Thailand Expats

I had Christmas dinner with a group of American/Canadian expats who live in Bangkok. I was invited by Art who runs and other websites. Most of the guys were involved in internet/web design so it was nice to be able to talk shop with some similar minded people; something I almost never get to do on the road. It was a buffet in an Indian restaurant which wasn’t bad. It was more than what you would pay for most meals in Bangkok, but it was Christmas so there isn’t really anything to complain about. I got my moneys worth and filled myself with seafood.

It was interesting to be in such a large group of expats, many of which have been in Thailand for over a decade. Most of them have Thai wives or girlfriends and seem to have every intention of staying in Thailand forever.

I’ve probably met more expats in Thailand than anywhere else I’ve been on my trip. I was told by one American guy I met in Vietnam that Pattaya alone is the largest expat community in the world with over 100,000 westerners living there. As he described it, it is one of the only places outside of the western world where you can live without making any of the compromises you have to make in other places. There are tons of golf courses, big box stores, western supermarkets, lots of restaurants and a very low cost of living.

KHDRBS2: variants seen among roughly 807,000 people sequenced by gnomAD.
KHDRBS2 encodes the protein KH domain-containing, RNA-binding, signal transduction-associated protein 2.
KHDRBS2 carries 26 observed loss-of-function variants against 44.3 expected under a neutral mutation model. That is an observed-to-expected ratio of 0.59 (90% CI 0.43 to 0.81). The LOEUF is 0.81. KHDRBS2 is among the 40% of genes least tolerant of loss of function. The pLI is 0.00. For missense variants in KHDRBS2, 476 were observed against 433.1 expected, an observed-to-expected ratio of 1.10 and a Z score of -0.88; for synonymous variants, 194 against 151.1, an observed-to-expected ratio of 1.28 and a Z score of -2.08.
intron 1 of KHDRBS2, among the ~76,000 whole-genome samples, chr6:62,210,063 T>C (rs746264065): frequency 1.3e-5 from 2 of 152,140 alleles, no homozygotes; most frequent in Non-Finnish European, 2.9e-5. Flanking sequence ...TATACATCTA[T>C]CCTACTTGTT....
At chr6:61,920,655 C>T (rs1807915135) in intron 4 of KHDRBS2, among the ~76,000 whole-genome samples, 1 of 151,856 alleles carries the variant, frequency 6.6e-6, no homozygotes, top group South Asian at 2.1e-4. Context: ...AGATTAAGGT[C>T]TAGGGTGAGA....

What I found fascinating about the guys I met on Christmas was that they were basically doing the same work they would otherwise have done back in the US. So long as you have an internet connection, you really do have the freedom to live anywhere in the world your want.